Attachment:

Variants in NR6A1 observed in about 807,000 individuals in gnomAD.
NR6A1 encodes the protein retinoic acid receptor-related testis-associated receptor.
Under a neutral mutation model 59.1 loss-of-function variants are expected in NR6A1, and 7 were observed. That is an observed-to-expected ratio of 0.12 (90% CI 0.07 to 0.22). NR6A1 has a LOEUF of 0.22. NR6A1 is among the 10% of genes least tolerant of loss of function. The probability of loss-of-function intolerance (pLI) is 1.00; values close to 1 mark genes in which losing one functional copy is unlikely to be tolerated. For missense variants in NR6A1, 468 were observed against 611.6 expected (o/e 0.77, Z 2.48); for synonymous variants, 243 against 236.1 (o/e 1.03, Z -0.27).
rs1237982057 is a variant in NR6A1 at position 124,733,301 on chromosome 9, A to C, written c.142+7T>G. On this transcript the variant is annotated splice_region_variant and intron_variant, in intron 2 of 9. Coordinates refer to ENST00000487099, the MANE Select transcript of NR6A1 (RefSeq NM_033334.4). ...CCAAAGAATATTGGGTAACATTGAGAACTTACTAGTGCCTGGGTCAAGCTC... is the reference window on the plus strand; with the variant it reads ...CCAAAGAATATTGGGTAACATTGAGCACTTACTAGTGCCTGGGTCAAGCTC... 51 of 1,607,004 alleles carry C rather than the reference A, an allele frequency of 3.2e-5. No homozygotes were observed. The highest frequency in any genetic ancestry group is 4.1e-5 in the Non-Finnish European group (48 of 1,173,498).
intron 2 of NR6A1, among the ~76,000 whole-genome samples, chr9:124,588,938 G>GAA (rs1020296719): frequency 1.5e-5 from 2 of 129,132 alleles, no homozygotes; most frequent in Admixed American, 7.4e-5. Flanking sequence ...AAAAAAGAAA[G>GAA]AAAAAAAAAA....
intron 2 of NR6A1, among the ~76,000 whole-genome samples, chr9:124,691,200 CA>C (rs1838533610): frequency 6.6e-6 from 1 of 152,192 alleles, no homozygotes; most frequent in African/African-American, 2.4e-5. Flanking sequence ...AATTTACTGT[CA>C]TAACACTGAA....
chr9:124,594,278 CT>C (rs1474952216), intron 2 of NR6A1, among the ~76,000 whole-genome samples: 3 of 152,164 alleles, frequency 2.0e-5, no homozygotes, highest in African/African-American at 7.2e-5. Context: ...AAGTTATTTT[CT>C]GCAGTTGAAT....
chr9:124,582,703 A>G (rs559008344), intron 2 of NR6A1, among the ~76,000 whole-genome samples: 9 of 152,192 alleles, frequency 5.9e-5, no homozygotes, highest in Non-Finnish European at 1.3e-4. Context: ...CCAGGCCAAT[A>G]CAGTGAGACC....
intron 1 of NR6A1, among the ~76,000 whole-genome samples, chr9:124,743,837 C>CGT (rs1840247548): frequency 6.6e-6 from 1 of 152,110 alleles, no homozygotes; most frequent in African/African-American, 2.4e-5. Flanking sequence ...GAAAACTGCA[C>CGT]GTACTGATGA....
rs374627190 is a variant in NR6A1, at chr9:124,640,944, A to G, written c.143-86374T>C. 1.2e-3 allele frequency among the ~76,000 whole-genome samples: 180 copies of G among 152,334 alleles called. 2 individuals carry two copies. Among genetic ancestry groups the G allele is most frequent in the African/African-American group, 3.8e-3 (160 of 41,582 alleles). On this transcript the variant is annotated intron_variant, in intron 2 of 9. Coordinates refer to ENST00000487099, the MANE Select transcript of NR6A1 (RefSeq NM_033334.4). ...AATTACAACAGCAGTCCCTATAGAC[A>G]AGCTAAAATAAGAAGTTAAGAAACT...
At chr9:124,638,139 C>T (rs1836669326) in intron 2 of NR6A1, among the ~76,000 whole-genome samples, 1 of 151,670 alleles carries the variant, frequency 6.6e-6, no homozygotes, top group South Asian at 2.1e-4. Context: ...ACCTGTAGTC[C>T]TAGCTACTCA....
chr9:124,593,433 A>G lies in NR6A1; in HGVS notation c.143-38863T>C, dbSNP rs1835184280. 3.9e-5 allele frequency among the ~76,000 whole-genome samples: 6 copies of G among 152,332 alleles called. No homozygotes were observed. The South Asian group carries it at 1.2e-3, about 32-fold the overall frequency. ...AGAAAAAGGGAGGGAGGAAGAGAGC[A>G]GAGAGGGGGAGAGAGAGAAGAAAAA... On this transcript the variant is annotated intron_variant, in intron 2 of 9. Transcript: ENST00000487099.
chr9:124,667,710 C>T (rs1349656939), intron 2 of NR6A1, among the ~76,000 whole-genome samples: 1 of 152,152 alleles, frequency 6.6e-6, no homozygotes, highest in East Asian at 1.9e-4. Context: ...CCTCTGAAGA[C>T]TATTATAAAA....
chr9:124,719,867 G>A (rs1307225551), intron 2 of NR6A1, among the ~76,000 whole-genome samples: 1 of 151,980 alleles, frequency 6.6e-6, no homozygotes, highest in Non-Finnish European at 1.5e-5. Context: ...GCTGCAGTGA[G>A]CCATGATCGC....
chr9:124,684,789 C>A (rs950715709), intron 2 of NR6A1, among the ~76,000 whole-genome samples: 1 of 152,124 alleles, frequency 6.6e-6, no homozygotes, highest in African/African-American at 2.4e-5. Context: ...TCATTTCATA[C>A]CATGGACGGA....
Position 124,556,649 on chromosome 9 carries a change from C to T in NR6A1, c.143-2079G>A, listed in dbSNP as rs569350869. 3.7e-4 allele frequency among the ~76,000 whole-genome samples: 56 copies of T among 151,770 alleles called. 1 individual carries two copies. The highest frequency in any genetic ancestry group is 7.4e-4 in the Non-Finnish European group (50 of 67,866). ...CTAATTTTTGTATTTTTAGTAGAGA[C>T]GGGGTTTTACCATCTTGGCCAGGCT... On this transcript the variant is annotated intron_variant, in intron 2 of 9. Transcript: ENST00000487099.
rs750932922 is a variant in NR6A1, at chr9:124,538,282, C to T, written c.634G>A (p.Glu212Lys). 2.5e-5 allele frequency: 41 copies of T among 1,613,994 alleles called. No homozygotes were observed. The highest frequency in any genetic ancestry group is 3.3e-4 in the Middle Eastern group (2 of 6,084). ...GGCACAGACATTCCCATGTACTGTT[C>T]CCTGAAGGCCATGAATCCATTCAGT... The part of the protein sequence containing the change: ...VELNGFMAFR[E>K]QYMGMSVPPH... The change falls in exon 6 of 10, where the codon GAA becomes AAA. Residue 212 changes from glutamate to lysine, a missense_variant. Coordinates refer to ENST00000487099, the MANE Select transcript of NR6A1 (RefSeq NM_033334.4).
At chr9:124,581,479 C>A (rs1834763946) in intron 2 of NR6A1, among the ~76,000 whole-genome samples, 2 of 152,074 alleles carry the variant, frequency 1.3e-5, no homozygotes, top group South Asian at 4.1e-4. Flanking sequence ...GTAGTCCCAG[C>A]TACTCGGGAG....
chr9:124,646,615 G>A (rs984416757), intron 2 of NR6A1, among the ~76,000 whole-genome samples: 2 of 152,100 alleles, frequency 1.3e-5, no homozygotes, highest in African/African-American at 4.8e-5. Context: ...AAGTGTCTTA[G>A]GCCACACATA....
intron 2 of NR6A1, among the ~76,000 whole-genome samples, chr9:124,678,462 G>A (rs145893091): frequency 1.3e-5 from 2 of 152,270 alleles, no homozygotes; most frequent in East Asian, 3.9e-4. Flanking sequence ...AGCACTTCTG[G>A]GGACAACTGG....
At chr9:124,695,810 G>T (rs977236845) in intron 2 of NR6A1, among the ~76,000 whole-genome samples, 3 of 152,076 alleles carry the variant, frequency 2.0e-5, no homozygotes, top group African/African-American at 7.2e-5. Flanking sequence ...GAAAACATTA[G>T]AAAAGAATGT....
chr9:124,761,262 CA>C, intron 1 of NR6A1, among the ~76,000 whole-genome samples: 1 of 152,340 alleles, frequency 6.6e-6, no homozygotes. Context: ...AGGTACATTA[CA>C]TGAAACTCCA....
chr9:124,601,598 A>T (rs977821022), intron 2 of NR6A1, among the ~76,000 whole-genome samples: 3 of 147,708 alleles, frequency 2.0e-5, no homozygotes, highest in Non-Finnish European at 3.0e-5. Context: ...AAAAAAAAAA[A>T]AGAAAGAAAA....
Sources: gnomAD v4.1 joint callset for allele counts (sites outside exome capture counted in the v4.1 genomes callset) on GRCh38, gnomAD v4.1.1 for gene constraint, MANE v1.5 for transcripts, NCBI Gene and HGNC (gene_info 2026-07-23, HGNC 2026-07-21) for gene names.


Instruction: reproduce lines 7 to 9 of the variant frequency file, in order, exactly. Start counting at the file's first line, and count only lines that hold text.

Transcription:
chr9:124,594,278 CT>C (rs1474952216), intron 2 of NR6A1, among the ~76,000 whole-genome samples: 3 of 152,164 alleles, frequency 2.0e-5, no homozygotes, highest in African/African-American at 7.2e-5. Context: ...AAGTTATTTT[CT>C]GCAGTTGAAT....
chr9:124,582,703 A>G (rs559008344), intron 2 of NR6A1, among the ~76,000 whole-genome samples: 9 of 152,192 alleles, frequency 5.9e-5, no homozygotes, highest in Non-Finnish European at 1.3e-4. Context: ...CCAGGCCAAT[A>G]CAGTGAGACC....
intron 1 of NR6A1, among the ~76,000 whole-genome samples, chr9:124,743,837 C>CGT (rs1840247548): frequency 6.6e-6 from 1 of 152,110 alleles, no homozygotes; most frequent in African/African-American, 2.4e-5. Flanking sequence ...GAAAACTGCA[C>CGT]GTACTGATGA....